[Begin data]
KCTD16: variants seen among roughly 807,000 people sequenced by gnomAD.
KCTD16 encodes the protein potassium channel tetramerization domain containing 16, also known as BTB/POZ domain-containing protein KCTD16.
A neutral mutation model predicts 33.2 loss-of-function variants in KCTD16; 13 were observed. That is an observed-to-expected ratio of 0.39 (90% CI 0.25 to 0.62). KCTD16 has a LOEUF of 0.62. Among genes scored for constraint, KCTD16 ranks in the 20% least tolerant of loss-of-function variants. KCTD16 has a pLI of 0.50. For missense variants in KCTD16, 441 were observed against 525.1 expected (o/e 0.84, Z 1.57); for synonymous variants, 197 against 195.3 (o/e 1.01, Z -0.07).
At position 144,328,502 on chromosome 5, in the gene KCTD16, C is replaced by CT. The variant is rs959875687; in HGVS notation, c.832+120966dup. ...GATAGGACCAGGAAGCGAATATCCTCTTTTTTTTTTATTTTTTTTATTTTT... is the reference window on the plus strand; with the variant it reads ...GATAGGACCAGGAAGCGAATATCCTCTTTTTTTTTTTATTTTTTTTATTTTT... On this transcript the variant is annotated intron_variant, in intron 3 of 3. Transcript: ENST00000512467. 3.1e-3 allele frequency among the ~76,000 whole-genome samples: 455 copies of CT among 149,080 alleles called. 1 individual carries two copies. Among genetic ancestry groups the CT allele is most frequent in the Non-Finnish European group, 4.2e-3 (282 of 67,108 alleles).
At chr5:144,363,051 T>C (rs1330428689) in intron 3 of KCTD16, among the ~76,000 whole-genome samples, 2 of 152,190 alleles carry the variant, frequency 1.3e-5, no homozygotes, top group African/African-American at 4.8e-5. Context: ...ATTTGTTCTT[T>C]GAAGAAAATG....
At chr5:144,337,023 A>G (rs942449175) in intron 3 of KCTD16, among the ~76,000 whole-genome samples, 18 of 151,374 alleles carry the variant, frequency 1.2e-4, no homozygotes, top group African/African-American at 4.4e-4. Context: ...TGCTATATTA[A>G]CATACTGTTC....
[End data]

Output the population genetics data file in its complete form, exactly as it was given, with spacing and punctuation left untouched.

KCTD16: variants seen among roughly 807,000 people sequenced by gnomAD.
KCTD16 encodes the protein potassium channel tetramerization domain containing 16, also known as BTB/POZ domain-containing protein KCTD16.
A neutral mutation model predicts 33.2 loss-of-function variants in KCTD16; 13 were observed. That is an observed-to-expected ratio of 0.39 (90% CI 0.25 to 0.62). KCTD16 has a LOEUF of 0.62. Among genes scored for constraint, KCTD16 ranks in the 20% least tolerant of loss-of-function variants. KCTD16 has a pLI of 0.50. For missense variants in KCTD16, 441 were observed against 525.1 expected (o/e 0.84, Z 1.57); for synonymous variants, 197 against 195.3 (o/e 1.01, Z -0.07).
At position 144,328,502 on chromosome 5, in the gene KCTD16, C is replaced by CT. The variant is rs959875687; in HGVS notation, c.832+120966dup. ...GATAGGACCAGGAAGCGAATATCCTCTTTTTTTTTTATTTTTTTTATTTTT... is the reference window on the plus strand; with the variant it reads ...GATAGGACCAGGAAGCGAATATCCTCTTTTTTTTTTTATTTTTTTTATTTTT... On this transcript the variant is annotated intron_variant, in intron 3 of 3. Transcript: ENST00000512467. 3.1e-3 allele frequency among the ~76,000 whole-genome samples: 455 copies of CT among 149,080 alleles called. 1 individual carries two copies. Among genetic ancestry groups the CT allele is most frequent in the Non-Finnish European group, 4.2e-3 (282 of 67,108 alleles).
At chr5:144,363,051 T>C (rs1330428689) in intron 3 of KCTD16, among the ~76,000 whole-genome samples, 2 of 152,190 alleles carry the variant, frequency 1.3e-5, no homozygotes, top group African/African-American at 4.8e-5. Context: ...ATTTGTTCTT[T>C]GAAGAAAATG....
At chr5:144,337,023 A>G (rs942449175) in intron 3 of KCTD16, among the ~76,000 whole-genome samples, 18 of 151,374 alleles carry the variant, frequency 1.2e-4, no homozygotes, top group African/African-American at 4.4e-4. Context: ...TGCTATATTA[A>G]CATACTGTTC....